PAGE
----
PhD Oral Exam - Danit Nitka, Psychology
When studying for a doctoral degree (PhD), candidates submit a thesis that provides a critical review of the current state of knowledge of the thesis subject as well as the student’s own contributions to the subject. The distinguishing criterion of doctoral graduate research is a significant and original contribution to knowledge.
Once accepted, the candidate presents the thesis orally. This oral exam is open to the public.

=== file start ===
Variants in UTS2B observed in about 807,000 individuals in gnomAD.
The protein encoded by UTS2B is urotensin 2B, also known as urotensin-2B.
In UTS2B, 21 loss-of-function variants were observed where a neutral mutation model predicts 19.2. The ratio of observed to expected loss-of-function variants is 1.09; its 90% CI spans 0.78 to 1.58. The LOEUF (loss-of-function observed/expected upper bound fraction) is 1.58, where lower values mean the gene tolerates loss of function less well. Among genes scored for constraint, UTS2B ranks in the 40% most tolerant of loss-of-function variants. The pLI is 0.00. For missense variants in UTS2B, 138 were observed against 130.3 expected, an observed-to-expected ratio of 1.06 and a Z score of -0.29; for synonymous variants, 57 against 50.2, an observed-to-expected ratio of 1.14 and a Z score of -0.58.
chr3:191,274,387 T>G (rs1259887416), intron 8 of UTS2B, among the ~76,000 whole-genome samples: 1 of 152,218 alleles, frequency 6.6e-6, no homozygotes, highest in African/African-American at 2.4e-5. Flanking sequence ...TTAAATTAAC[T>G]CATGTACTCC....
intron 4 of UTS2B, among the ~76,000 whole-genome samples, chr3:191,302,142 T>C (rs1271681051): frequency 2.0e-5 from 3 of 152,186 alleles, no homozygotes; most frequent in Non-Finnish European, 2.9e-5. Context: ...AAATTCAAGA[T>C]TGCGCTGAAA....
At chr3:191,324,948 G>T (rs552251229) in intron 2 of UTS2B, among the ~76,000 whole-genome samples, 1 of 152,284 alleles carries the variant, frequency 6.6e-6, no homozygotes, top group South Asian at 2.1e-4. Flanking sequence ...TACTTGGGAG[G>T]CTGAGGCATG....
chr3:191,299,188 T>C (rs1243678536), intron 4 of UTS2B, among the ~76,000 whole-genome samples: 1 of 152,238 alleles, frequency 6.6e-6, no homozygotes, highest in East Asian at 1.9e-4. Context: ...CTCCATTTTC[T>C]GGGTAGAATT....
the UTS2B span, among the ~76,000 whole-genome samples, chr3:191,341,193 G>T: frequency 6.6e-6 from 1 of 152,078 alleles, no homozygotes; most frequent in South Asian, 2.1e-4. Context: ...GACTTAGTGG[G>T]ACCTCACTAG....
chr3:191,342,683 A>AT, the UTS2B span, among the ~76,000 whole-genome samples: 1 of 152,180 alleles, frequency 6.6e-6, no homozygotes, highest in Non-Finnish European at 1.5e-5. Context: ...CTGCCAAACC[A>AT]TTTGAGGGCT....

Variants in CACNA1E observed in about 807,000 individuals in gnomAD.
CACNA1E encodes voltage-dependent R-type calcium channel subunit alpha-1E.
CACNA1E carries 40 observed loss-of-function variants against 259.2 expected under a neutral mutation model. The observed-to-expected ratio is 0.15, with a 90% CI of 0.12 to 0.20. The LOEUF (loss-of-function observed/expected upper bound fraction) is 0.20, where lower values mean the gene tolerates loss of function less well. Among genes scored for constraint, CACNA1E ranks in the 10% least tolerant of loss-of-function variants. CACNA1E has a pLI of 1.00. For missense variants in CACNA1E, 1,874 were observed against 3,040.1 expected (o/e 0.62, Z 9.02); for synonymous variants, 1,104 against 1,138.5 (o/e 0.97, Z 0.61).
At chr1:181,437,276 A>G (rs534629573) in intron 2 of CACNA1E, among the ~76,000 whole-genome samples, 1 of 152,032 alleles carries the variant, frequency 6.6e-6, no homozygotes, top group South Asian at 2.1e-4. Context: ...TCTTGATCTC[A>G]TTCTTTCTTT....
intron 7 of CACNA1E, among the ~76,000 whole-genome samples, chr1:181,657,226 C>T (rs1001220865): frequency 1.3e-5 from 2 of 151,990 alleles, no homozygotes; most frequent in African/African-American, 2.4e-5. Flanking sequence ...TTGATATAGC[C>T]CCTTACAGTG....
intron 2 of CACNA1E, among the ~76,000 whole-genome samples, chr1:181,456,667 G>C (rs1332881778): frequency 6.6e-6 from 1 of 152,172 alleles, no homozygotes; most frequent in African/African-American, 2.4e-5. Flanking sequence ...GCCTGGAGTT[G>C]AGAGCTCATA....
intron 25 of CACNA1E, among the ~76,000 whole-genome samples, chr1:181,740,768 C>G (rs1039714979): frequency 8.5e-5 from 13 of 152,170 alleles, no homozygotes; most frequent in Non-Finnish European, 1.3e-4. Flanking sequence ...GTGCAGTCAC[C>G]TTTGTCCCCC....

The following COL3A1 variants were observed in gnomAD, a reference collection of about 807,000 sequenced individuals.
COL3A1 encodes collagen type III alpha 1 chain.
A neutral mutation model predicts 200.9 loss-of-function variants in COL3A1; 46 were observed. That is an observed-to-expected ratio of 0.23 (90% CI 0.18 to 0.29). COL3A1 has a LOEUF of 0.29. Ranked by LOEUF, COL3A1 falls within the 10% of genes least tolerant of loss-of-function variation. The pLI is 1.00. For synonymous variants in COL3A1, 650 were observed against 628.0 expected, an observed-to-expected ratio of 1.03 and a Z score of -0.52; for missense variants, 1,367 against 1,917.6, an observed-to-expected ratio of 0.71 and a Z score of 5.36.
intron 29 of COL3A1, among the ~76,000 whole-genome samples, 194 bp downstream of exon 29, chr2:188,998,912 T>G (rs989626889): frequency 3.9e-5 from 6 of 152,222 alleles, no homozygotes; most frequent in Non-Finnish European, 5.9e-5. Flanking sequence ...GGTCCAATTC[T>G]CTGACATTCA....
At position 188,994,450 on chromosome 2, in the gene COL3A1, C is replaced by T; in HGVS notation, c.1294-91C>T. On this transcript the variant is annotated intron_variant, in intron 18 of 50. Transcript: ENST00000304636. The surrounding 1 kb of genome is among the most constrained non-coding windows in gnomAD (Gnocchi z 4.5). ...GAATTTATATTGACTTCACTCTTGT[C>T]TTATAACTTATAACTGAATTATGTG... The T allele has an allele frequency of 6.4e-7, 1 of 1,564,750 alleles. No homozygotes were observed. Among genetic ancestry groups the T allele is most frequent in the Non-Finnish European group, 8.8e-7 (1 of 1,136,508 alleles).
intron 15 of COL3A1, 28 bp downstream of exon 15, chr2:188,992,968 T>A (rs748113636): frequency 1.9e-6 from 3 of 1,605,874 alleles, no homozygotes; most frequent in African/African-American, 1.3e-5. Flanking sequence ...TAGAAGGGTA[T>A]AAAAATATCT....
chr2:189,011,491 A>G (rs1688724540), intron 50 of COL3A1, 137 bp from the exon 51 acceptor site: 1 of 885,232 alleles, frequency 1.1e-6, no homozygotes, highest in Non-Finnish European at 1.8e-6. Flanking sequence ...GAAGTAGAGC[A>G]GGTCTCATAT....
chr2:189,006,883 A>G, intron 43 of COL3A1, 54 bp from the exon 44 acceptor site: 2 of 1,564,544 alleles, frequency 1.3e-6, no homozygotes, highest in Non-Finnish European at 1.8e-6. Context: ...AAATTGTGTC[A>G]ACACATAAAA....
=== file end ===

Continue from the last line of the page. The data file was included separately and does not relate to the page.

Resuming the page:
Alcohol consumption peaks in university and is tied with numerous and often severe negative alcohol-related consequences (NACs) (e.g., blacking out; unplanned sex). Social anxiety (SA) is highly comorbid with alcohol use disorders in later adulthood, yet during the undergraduate years the link is less clear. On the one hand, those high in SA may use alcohol to relieve tension in anxiety-provoking social situations. On the other, they may be particularly attentive to potential NACs (e.g., saying regretful things) and avoid drinking. This theoretical complexity is reflected by a mixed empirical literature, with evidence for positive, negative, and null associations between SA and problematic drinking. Despite research efforts to elucidate this pathway to problematic drinking, how risk unfolds and who high on SA is at risk remain unclear. The primary goal of this dissertation was to clarify SA risk for problematic drinking. To meet this goal, in-the-moment cognitions and key moderators were incorporated into models of risk. Study 1 sought to investigate the interactive effects of SA, impulsivity, and mood on positive alcohol-related cognitions, as they unfold in-the-moment during a drinking episode. It was hypothesized that when in an anxious (vs. neutral) mood, and following a priming dose of alcohol, those high on SA and impulsivity would activate positive alcohol-related cognitions (i.e., tension reduction, social facilitation). In partial support of hypotheses, following a priming dose of alcohol, those high on SA and impulsivity activated social facilitation and enhancement (but not tension reduction) alcohol-related cognitions. Surprisingly, this effect was observed in the neutral but not anxious mood condition. The second study tested individual subjective evaluations of NACs as moderating SA risk for problematic drinking. It was hypothesized that individuals high on SA who evaluate NACs less negatively would be at risk for experiencing NACs but not drinking heavily. Supporting the hypothesis, those high on SA demonstrated risk for experiencing NACs if they evaluated these consequences to be less negative. The findings contribute to a mixed but evolving picture of SA risk pathways to problematic drinking. In addition to advancing extant theoretical models, results have clinical implications for interventions targeting SA-motivated undergraduate drinking.